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The Beakly Standard

  • It's a good idea to add items for avian care and enrichment to your donation needs list, so that you'll be ready with the appropriate supplies when feathered visitors arrive at your shelter. Michelle Riley/The HSUS

With all the purring, woofing visitors that shelters have to care for, adapting to the arrival of someone who chirps can ruffle the feathers of the most adaptive kennel manager. Many shelter s opt to work with local bird rescues to handle their avian visitors, which is a great option; good bird rescuers not only have the knowledge to care for particular species, they’ll have housing options that will improve upon what a crowded and hectic animal shelter can provide.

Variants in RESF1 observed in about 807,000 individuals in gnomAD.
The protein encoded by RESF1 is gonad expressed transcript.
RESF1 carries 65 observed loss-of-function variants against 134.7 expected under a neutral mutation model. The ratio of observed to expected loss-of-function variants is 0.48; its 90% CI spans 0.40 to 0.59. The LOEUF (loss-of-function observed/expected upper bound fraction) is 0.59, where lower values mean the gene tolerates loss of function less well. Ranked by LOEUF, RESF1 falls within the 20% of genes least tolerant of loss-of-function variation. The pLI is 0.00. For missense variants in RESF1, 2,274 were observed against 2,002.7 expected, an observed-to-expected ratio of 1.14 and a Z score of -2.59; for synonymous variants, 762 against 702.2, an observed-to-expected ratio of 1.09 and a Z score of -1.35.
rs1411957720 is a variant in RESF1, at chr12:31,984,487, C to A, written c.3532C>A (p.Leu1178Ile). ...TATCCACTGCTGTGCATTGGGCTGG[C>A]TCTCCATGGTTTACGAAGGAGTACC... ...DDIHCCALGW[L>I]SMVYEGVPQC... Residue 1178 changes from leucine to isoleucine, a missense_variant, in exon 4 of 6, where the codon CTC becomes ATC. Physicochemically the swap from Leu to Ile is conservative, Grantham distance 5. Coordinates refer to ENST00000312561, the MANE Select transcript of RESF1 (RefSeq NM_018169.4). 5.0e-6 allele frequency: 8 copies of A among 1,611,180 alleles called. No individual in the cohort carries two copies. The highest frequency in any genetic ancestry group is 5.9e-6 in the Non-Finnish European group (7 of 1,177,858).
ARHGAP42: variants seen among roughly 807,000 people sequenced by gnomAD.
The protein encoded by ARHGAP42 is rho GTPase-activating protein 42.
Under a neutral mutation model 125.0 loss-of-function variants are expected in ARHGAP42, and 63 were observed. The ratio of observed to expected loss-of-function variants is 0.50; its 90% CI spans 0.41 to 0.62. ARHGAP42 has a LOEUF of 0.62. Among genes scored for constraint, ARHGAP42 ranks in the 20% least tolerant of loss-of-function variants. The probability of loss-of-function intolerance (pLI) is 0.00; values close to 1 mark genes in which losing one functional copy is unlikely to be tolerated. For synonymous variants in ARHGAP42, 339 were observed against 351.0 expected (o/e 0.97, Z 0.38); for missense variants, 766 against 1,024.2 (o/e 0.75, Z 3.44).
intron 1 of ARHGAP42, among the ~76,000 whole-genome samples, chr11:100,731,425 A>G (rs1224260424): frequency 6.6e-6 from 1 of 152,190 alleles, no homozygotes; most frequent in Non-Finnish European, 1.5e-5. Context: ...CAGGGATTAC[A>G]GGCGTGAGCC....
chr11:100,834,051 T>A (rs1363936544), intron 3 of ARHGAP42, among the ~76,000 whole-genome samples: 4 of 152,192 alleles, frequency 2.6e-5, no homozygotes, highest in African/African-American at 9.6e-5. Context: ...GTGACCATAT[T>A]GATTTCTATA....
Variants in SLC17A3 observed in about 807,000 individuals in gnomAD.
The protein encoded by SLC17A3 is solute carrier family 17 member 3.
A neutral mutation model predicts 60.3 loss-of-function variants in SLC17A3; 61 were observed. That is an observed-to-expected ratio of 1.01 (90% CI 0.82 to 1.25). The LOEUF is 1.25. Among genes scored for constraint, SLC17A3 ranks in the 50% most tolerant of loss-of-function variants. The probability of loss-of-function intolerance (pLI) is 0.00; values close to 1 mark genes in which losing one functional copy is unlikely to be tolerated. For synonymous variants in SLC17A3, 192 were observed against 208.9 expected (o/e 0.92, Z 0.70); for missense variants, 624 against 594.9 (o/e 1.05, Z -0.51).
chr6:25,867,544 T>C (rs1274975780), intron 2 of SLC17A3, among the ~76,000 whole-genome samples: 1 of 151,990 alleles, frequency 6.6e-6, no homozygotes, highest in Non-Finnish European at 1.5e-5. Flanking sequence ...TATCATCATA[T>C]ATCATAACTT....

But for shelters that don’t have immediate access to an avian rescue partner, the best place to keep a bird is somewhere warm (65-85 degrees F is ideal) and away from the sounds of predatory animals like cats and dogs. Or as you might call this place, “not the shelter.”

Kidding! In all seriousness, consider an administrative office, an unused or low-traffic storage space, or your small-animal room. Caging should provide ample space for a bird to spread her wings, a variety of perches and food and water dishes, and enrichment items for any feathered friend who’s spending more than 24 hours with you. It’s smart to add items for avian care to your donation needs list so that you’ll have supplies around when birds come in.

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